If cities are to reflect the culture of the present day while also inspiring the future, then by and large, cities across America are lagging. All generations, not just the millennials and Gen Z, are growing more connected. Why, then, do our cities not yet reflect the same type of digital connectivity and embrace of technology and data that our culture does?
While it’s true that our buildings are becoming more intelligent, as a result of the growing gap between people and smart city technology, our urban landscapes and public spaces have fallen behind. This fact is especially significant when you consider what actually makes up the “smart city” that so many thought leaders have been talking about in recent years. In order for an entire city to be smart, the urban fabric needs to be just as a smart and connected as the buildings that grow from it.
Because 80% of the world’s population will reside in cities by 2050, efficiency is key. Transportation and city service management are already difficult, and will only become more so. Smart city technology can be used to improve efficiency and reduce resource consumption. For example, Bigbelly, a pioneer in smart waste management solutions makes trash cans that feature a solar-powered trash compactor and sensors that let the city know how full a trash can is. As a result, trash collectors save time by only going to full cans.
But “smart” design isn’t just about information and efficiency. Though often overlooked, one of the key measures of success for an urban space is how well the environment fosters human connection – or in the words of Jane Jacobs, social capital. So, creating a smart city requires much more than simply placing sensors anywhere they’ll fit. It requires entirely rethinking the role of urban environments. Even more than how these environments will look and function, how will they interact with people? How will people interact with them?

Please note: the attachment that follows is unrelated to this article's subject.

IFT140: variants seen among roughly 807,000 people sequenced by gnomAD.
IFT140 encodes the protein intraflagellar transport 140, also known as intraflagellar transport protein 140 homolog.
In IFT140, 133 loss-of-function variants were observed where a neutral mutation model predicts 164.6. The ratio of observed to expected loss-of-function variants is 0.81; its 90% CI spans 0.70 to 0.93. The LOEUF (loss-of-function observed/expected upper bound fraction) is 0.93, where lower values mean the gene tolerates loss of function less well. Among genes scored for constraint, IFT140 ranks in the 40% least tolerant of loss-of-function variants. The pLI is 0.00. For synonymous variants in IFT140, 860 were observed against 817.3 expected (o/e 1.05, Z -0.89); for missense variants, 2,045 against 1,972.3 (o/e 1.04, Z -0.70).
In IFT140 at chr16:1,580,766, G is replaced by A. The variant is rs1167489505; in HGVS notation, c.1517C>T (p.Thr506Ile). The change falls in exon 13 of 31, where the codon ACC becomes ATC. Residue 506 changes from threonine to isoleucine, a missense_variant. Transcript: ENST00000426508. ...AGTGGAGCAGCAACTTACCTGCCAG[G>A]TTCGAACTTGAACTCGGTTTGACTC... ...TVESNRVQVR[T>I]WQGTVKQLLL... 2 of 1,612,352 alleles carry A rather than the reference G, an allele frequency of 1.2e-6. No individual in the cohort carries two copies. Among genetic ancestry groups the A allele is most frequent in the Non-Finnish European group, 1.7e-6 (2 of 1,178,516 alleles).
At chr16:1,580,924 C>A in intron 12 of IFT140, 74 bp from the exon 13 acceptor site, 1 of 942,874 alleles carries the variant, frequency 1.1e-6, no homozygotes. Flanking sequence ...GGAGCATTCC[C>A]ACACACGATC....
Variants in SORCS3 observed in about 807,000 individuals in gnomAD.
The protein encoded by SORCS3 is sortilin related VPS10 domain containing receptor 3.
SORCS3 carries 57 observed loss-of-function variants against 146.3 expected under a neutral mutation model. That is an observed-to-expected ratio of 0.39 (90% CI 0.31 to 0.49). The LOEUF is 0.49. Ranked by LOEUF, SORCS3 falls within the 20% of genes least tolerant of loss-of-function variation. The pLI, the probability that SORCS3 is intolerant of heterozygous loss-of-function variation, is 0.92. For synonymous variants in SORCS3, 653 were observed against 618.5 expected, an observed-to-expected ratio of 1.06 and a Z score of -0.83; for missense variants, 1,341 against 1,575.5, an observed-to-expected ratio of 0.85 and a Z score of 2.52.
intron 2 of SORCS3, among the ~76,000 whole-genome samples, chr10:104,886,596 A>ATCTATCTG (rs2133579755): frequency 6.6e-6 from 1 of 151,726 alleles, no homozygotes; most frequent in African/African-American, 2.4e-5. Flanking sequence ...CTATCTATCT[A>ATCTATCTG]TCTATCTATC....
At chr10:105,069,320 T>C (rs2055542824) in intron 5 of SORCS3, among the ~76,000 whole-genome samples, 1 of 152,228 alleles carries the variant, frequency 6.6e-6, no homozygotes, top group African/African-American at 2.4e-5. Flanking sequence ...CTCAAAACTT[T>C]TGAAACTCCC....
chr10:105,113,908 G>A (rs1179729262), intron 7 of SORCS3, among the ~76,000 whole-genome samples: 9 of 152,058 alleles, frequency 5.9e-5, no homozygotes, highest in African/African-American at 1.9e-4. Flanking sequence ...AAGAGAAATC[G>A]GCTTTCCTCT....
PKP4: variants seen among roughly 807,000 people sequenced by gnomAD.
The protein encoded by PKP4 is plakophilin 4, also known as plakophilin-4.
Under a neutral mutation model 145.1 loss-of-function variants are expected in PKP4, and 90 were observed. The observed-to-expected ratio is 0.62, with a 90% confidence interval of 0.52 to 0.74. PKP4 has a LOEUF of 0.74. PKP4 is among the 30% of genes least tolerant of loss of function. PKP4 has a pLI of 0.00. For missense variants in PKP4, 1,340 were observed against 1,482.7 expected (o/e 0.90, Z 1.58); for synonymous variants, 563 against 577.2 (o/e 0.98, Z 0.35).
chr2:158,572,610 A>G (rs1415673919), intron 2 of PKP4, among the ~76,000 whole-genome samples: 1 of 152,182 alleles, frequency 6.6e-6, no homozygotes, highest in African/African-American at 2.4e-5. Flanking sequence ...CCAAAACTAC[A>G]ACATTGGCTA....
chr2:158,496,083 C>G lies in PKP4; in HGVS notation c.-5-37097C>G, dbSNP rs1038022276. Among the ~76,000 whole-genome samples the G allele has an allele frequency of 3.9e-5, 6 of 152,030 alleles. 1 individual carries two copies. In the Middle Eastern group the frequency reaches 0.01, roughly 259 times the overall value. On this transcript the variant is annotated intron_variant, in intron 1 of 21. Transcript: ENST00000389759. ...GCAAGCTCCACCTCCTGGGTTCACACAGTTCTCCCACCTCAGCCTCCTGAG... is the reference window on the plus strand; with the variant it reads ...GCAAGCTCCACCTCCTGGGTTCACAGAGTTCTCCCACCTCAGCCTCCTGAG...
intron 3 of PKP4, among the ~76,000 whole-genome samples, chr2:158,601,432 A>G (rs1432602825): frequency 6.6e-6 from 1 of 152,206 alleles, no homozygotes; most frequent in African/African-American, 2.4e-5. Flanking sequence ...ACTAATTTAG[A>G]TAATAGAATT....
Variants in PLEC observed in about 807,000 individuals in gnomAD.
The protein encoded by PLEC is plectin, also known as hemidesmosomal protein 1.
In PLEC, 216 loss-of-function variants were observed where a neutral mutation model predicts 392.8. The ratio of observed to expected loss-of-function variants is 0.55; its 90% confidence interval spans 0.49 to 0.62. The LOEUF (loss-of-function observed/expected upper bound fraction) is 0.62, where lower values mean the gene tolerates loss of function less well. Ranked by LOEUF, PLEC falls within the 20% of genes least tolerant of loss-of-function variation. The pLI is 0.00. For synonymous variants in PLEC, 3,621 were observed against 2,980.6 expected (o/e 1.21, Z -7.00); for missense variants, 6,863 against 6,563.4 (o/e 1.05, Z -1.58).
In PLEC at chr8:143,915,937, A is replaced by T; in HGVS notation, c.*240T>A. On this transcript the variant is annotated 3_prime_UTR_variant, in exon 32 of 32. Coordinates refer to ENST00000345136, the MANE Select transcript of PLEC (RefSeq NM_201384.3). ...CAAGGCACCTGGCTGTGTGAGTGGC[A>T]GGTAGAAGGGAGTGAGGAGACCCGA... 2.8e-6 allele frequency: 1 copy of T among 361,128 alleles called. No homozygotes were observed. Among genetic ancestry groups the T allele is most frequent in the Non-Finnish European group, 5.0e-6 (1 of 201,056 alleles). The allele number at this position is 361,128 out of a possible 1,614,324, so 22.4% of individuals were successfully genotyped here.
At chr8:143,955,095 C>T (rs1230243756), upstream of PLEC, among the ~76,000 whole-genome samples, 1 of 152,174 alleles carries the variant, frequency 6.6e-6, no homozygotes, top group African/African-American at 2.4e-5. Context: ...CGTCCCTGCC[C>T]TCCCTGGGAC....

Soofa, a Cambridge, Massachusetts-based startup, is working to create social, sustainable, and smart cities by reinventing formerly unloved urban furniture. Their first product, the Soofa Bench, is a solar-powered charging bench with environmental sensing capabilities, including temperature, humidity, air quality (dust, N02, CO), radiation, noise level, and luminosity. These “furnishings for the city of the future” gather data on environmental conditions and how people use their cities. The resulting open source data will help city officials, residents, architects, developers, and countless other groups shape a more efficient and enjoyable city through optimization and more intelligent urban design.
Bigbelly and Soofa share a vision of reinventing the roles of traditional objects through low-cost interventions. But smart benches and trash cans are only the beginning. In order to design for the future, we must respond to what the data tells us. To do this effectively requires rethinking how design and technology intersect, particularly in outdoor environments.
An example of how the data might be used by the general public is knowing in real time where popular events are happening or when the temperature and air quality are the best to go for a run. Open, granular data could also give insights to meet individual needs. For example, a family with young children going to a park likely has different goals than a group of college students planning a picnic. Real-time data can help these disparate groups understand which urban spaces will be the best fit – in this case, which playground will have more potential playmates versus which park won’t be full of screaming kids.
On a more macro level, government agencies can use the data to better plan for city improvements and capital expenditures, by adding real time data to existing data sets. Live data can be added as a new layer to traditional GIS maps to deepen understanding of the urban landscape.
Smart city data is also a powerful new tool for the planning and design community for pre-design site analysis, setting of performance objectives, and assessing performance once landscapes are built and operating. In fact, measuring how a park, streetscape, or other landscape performs over time may be one of the most promising uses of such data. Questions like “Did the design improve air quality?” or “Are more people using a certain space than before?” or “Are people using the space in the way that the designed envisioned?” will be easier to answer with the availability of open, real-time data.